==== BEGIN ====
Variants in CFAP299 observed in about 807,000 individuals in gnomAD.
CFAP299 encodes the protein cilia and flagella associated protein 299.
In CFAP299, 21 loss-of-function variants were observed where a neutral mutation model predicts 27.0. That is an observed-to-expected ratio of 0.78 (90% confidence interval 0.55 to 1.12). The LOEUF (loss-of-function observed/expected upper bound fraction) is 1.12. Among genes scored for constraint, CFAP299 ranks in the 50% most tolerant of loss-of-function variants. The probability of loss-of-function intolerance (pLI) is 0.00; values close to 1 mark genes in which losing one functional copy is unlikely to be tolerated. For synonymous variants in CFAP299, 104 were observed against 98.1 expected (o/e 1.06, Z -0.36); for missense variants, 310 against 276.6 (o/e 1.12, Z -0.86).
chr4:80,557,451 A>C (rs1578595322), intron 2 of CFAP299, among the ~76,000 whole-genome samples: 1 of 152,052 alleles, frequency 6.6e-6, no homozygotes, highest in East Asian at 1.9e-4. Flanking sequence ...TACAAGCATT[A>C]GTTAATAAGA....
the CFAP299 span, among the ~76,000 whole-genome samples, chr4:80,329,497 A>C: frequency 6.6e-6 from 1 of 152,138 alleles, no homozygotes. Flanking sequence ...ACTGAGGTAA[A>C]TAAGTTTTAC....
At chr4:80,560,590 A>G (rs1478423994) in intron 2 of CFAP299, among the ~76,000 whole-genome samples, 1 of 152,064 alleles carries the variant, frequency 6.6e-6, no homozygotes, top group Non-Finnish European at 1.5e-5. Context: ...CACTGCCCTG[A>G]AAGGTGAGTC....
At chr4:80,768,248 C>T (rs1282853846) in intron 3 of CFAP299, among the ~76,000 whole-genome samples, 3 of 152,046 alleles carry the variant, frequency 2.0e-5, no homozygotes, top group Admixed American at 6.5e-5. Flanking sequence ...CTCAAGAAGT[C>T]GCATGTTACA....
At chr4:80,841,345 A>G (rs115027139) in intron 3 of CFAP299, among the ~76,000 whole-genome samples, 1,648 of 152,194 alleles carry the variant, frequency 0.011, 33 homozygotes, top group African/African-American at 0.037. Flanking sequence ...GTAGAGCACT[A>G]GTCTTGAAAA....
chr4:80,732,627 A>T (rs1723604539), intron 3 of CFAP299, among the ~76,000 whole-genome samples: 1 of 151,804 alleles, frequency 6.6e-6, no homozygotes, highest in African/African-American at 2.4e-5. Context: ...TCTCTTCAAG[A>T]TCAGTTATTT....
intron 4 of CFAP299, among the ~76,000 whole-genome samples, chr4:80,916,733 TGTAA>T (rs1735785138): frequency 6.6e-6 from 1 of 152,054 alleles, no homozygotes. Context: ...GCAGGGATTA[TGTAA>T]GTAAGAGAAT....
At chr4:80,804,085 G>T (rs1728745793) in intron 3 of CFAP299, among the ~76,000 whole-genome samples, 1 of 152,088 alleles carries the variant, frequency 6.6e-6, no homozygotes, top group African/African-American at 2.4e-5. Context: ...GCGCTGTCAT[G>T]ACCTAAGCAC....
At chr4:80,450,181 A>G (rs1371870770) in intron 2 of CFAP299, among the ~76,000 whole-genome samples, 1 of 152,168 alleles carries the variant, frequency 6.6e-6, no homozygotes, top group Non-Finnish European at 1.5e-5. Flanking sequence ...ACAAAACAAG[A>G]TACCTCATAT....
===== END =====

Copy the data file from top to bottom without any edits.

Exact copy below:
Variants in CFAP299 observed in about 807,000 individuals in gnomAD.
CFAP299 encodes the protein cilia and flagella associated protein 299.
In CFAP299, 21 loss-of-function variants were observed where a neutral mutation model predicts 27.0. That is an observed-to-expected ratio of 0.78 (90% confidence interval 0.55 to 1.12). The LOEUF (loss-of-function observed/expected upper bound fraction) is 1.12. Among genes scored for constraint, CFAP299 ranks in the 50% most tolerant of loss-of-function variants. The probability of loss-of-function intolerance (pLI) is 0.00; values close to 1 mark genes in which losing one functional copy is unlikely to be tolerated. For synonymous variants in CFAP299, 104 were observed against 98.1 expected (o/e 1.06, Z -0.36); for missense variants, 310 against 276.6 (o/e 1.12, Z -0.86).
chr4:80,557,451 A>C (rs1578595322), intron 2 of CFAP299, among the ~76,000 whole-genome samples: 1 of 152,052 alleles, frequency 6.6e-6, no homozygotes, highest in East Asian at 1.9e-4. Flanking sequence ...TACAAGCATT[A>C]GTTAATAAGA....
the CFAP299 span, among the ~76,000 whole-genome samples, chr4:80,329,497 A>C: frequency 6.6e-6 from 1 of 152,138 alleles, no homozygotes. Flanking sequence ...ACTGAGGTAA[A>C]TAAGTTTTAC....
At chr4:80,560,590 A>G (rs1478423994) in intron 2 of CFAP299, among the ~76,000 whole-genome samples, 1 of 152,064 alleles carries the variant, frequency 6.6e-6, no homozygotes, top group Non-Finnish European at 1.5e-5. Context: ...CACTGCCCTG[A>G]AAGGTGAGTC....
At chr4:80,768,248 C>T (rs1282853846) in intron 3 of CFAP299, among the ~76,000 whole-genome samples, 3 of 152,046 alleles carry the variant, frequency 2.0e-5, no homozygotes, top group Admixed American at 6.5e-5. Flanking sequence ...CTCAAGAAGT[C>T]GCATGTTACA....
At chr4:80,841,345 A>G (rs115027139) in intron 3 of CFAP299, among the ~76,000 whole-genome samples, 1,648 of 152,194 alleles carry the variant, frequency 0.011, 33 homozygotes, top group African/African-American at 0.037. Flanking sequence ...GTAGAGCACT[A>G]GTCTTGAAAA....
chr4:80,732,627 A>T (rs1723604539), intron 3 of CFAP299, among the ~76,000 whole-genome samples: 1 of 151,804 alleles, frequency 6.6e-6, no homozygotes, highest in African/African-American at 2.4e-5. Context: ...TCTCTTCAAG[A>T]TCAGTTATTT....
intron 4 of CFAP299, among the ~76,000 whole-genome samples, chr4:80,916,733 TGTAA>T (rs1735785138): frequency 6.6e-6 from 1 of 152,054 alleles, no homozygotes. Context: ...GCAGGGATTA[TGTAA>T]GTAAGAGAAT....
At chr4:80,804,085 G>T (rs1728745793) in intron 3 of CFAP299, among the ~76,000 whole-genome samples, 1 of 152,088 alleles carries the variant, frequency 6.6e-6, no homozygotes, top group African/African-American at 2.4e-5. Context: ...GCGCTGTCAT[G>T]ACCTAAGCAC....
At chr4:80,450,181 A>G (rs1371870770) in intron 2 of CFAP299, among the ~76,000 whole-genome samples, 1 of 152,168 alleles carries the variant, frequency 6.6e-6, no homozygotes, top group Non-Finnish European at 1.5e-5. Flanking sequence ...ACAAAACAAG[A>G]TACCTCATAT....